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Tested Strategies for Teaching Your Children Coping Skills

Life is a journey, with ups and downs, joys, and disappointments, which means teaching our children coping skills is one of the most important things we can do as parents. Setbacks, failures, disappointments, and stress are all a part of life and sometimes happen quite often. A child who learns how to confront and cope when negative things happen will build strength, confidence, and develop healthy emotional responses as they mature. A child who can manage adversity is a child who will grow up into a mentally healthy and resilient adult.


The ability to cope like many skills is not one you’re born with but rather is a learned behavior. Learning to cope is a combination of teaching children directly and their observations. As parents, we need to ride the highs and celebrate them and help our children prepare for the lows and get through them, and back on track. Like most things, modeling healthy coping is the ideal way for children to learn how to cope and manage their emotions. One of the best skills parents can teach children is to soothe themselves. Validating their feelings, listening to them, encouraging them to engage with their problems, helping them acknowledge and take responsibility for their contributions in each situation, and letting them vent are among the best and easiest ways to teach your children coping skills.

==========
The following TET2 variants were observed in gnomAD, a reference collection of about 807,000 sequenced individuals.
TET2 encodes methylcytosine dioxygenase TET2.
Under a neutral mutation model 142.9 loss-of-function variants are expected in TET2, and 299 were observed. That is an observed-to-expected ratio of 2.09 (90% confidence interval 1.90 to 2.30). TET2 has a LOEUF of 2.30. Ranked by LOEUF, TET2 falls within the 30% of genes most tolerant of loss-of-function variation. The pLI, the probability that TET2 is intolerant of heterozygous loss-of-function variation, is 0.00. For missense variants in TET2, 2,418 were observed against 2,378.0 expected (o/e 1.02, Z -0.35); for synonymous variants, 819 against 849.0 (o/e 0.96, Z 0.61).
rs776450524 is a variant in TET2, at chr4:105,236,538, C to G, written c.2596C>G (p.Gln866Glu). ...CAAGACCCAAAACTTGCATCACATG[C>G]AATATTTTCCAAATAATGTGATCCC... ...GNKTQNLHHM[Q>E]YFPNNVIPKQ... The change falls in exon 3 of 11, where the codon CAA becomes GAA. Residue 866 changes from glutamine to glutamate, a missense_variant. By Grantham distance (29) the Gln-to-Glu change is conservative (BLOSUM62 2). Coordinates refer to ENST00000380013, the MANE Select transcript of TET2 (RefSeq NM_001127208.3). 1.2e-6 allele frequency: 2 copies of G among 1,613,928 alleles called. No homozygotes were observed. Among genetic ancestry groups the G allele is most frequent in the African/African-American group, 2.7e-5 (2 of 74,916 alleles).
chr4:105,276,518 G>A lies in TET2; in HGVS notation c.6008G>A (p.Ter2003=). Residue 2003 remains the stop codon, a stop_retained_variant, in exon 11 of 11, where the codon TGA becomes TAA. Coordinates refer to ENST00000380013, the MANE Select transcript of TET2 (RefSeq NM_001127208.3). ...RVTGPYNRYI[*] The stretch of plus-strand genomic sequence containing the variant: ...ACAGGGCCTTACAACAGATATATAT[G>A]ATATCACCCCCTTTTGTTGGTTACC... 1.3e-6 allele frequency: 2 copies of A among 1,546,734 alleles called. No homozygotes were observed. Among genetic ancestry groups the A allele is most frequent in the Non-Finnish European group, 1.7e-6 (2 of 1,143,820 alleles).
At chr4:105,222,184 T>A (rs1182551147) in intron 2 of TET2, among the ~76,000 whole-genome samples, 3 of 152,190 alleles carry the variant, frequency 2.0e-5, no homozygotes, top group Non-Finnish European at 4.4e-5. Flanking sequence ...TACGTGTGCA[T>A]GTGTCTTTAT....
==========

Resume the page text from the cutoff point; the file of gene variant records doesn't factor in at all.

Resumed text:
Some tried and true parenting strategies for teaching your children how to cope include: facing problems head-on and not allowing problems to be ignored or set aside. Encourage children to face their problems big and small. Each problem they solve gives them more confidence and ability to solve the problems that will inevitably come later. Try not to intervene too early. Despite parents’ best intentions, when they step in and “rescue” children, we are teaching them to be rescued rather than teaching them how to rescue themselves. Instead, try to show confidence in your child and support them as they use their ideas and instincts to manage a situation and find solutions. Try not to let your child wallow in negative emotions, acknowledge how they feel and why they are feeling an emotion, and help them try to move beyond things outside of their control. The important lesson here is teaching children to separate themselves from negative events and situations so they can move forward.


These and other tips can help us teach our children how to be resilient and learn to cope with emotions but sometimes parents do not know how to recognize these coping mechanisms in themselves. There are many great resources available to parents who need additional tools to draw from. Seeking professional support from family therapists, psychologists, and professionals is a great way to develop the skills necessary to effectively teach your children. Joining communities of parents in the same boat is another way to find and share tools and resources for parents and children.

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